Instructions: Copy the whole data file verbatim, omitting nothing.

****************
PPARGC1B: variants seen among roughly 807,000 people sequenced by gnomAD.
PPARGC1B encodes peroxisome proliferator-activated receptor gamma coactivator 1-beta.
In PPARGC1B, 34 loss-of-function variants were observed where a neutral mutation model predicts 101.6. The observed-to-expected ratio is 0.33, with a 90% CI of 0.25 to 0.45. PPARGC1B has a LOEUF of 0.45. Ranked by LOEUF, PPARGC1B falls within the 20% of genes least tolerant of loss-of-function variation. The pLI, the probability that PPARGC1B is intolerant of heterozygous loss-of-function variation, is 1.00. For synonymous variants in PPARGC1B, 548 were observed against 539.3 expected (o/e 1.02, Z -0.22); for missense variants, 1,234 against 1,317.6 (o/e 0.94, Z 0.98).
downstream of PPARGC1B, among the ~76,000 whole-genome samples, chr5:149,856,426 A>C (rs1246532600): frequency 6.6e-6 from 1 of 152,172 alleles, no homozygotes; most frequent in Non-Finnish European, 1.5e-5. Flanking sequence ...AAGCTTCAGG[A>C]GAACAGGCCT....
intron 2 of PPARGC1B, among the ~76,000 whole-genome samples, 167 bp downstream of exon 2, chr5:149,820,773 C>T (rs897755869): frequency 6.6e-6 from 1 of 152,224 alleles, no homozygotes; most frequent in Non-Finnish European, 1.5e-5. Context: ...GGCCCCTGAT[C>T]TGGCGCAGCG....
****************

PPARGC1B: variants seen among roughly 807,000 people sequenced by gnomAD.
PPARGC1B encodes peroxisome proliferator-activated receptor gamma coactivator 1-beta.
In PPARGC1B, 34 loss-of-function variants were observed where a neutral mutation model predicts 101.6. The observed-to-expected ratio is 0.33, with a 90% CI of 0.25 to 0.45. PPARGC1B has a LOEUF of 0.45. Ranked by LOEUF, PPARGC1B falls within the 20% of genes least tolerant of loss-of-function variation. The pLI, the probability that PPARGC1B is intolerant of heterozygous loss-of-function variation, is 1.00. For synonymous variants in PPARGC1B, 548 were observed against 539.3 expected (o/e 1.02, Z -0.22); for missense variants, 1,234 against 1,317.6 (o/e 0.94, Z 0.98).
downstream of PPARGC1B, among the ~76,000 whole-genome samples, chr5:149,856,426 A>C (rs1246532600): frequency 6.6e-6 from 1 of 152,172 alleles, no homozygotes; most frequent in Non-Finnish European, 1.5e-5. Flanking sequence ...AAGCTTCAGG[A>C]GAACAGGCCT....
intron 2 of PPARGC1B, among the ~76,000 whole-genome samples, 167 bp downstream of exon 2, chr5:149,820,773 C>T (rs897755869): frequency 6.6e-6 from 1 of 152,224 alleles, no homozygotes; most frequent in Non-Finnish European, 1.5e-5. Context: ...GGCCCCTGAT[C>T]TGGCGCAGCG....